which allows federal government agencies to operate at spending levels approved in the previous budget cycle, but does not authorize new spending initiatives. When the U.S. government operates under a continuing resolution, delays can occur in the procurement of the products, services and solutions that we provide and may result in new initiatives being cancelled. In years when the U.S. government fails to complete its budget process or to provide for a continuing resolution, a federal government shutdown may result, similar to that which occurred in October 2013. This could in turn result in the delay or cancellation of key programs, which could have a negative effect on our cash flows and adversely affect our future results. In addition, payments to contractors for services performed during a federal government shutdown may be delayed, which would have a negative effect on our cash flows.


·                         Competitions for the award of defense truck contracts are intense, and we cannot provide any assurance that we will be successful in the defense truck procurement competitions in which we participate. In particular, we are competing for the U.S. Joint Light Tactical Vehicle (“JLTV”) contract, which is the only U.S. tactical wheeled vehicle contract of significant size that is available for bid by us for the foreseeable future. As such, the JLTV contract win is critically important for the long-term outlook of our defense segment, which is dedicated to tactical wheeled vehicle manufacturing and sales. We expect pricing will be an important evaluation factor in this competition.


·                         Certain of our government contracts for the U.S. Army and U.S. Marines could be suspended or terminated, and all such contracts expire in the future and may not be replaced, which could reduce revenues that we expect under the contracts and negatively affect margins in our defense segment.


·                         The Weapon Systems Acquisition Reform Act requires competition for U.S. defense programs in certain circumstances. Competition for DoD programs that we currently have could result in the U.S. government awarding future contracts to another manufacturer or the U.S. government awarding the contracts to us at lower prices and operating margins than we experience under the current contracts.


·                         Defense truck contract awards that we receive may be subject to protests by competing bidders, which protests, if successful, could result in the DoD revoking part or all of any defense truck contract it awards to us and our inability to recover amounts we have expended in anticipation of initiating production under any such contract.


·                         Most of our government contracts are fixed-price contracts with price escalation factors included for those contracts that extend beyond one year. Our actual costs on any of these contracts may exceed our projected costs, which could result in profits lower than historically realized or than we anticipate or net losses under these contracts.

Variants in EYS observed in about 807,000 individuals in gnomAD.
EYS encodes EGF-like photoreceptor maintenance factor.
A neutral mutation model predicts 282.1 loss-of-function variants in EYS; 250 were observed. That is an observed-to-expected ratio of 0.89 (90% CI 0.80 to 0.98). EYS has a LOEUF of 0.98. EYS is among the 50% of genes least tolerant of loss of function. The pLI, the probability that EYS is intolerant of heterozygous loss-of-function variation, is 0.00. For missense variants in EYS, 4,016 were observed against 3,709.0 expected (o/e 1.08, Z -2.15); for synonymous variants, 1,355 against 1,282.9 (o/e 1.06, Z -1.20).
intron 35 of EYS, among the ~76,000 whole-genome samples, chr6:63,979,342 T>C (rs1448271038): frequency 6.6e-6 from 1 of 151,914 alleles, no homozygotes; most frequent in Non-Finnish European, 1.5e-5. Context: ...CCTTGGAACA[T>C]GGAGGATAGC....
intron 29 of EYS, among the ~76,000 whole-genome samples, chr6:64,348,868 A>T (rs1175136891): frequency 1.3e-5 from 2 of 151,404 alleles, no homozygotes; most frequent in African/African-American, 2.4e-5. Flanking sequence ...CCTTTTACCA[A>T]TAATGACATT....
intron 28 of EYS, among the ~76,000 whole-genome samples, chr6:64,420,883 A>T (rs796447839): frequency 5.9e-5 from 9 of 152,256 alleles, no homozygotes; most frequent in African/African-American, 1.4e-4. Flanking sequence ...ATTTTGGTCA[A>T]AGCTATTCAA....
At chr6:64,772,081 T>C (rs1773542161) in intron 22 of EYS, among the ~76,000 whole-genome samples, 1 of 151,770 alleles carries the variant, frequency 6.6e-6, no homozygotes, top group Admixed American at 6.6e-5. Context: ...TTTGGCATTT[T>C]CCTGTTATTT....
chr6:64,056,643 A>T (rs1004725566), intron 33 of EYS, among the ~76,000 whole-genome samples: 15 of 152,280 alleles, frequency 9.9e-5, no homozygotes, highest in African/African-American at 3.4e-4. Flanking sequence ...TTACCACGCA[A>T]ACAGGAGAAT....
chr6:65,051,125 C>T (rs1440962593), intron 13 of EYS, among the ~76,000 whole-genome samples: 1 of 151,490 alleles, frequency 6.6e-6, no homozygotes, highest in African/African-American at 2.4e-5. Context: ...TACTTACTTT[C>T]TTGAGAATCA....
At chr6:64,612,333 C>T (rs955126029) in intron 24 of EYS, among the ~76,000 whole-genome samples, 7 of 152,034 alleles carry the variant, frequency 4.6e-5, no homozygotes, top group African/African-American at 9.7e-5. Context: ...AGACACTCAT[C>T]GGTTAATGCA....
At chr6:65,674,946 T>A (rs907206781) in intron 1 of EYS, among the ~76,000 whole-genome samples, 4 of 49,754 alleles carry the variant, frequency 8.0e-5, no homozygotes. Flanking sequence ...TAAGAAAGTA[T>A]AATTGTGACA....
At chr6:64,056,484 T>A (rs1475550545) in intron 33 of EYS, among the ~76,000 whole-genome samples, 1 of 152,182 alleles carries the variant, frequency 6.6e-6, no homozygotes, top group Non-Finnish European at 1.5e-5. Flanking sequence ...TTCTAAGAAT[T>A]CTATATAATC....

·                         We must spend significant sums on product development and testing, bid and proposal activities and pre-contract engineering, tooling and design activities in competitions to have the opportunity to be awarded these contracts.


·                         Our defense products undergo rigorous testing by the customer and are subject to highly technical requirements. Our products are inspected extensively by the DoD prior to acceptance to determine adherence to contractual technical and quality requirements. Any failure to pass these tests or to comply with these requirements could result in unanticipated retrofit and rework costs, vehicle design changes, delayed acceptance of vehicles, late or no payments under such contracts or cancellation of the contract to provide vehicles to the U.S. government.


·                         As a U.S. government contractor, our U.S. government contracts and systems are subject to audit and review by the Defense Contract Audit Agency and the Defense Contract Management Agency. These agencies review our performance under our U.S. government contracts, our cost structure and our compliance with laws and regulations applicable to U.S. government contractors. Systems that are subject to review include, but are not limited to, our accounting systems, estimating systems, material management systems, earned value management systems, purchasing systems and government property systems. If an audit uncovers improper or illegal activities, errors or system inadequacies then we may be subject to civil and criminal penalties, contract adjustments and/or agreements to upgrade existing systems as well as administrative sanctions that may include the termination of our U.S. government contracts, forfeiture of profits, suspension of payments, fines and, under certain circumstances, suspension or debarment from future U.S. government contracts for a period of time. Whether or not illegal activities are alleged and regardless of materiality, the U.S. government also has the ability to decrease or withhold certain payments




when it deems systems subject to its review to be inadequate. These laws and regulations affect how we do business with our customers and, in many instances, impose added costs on our business.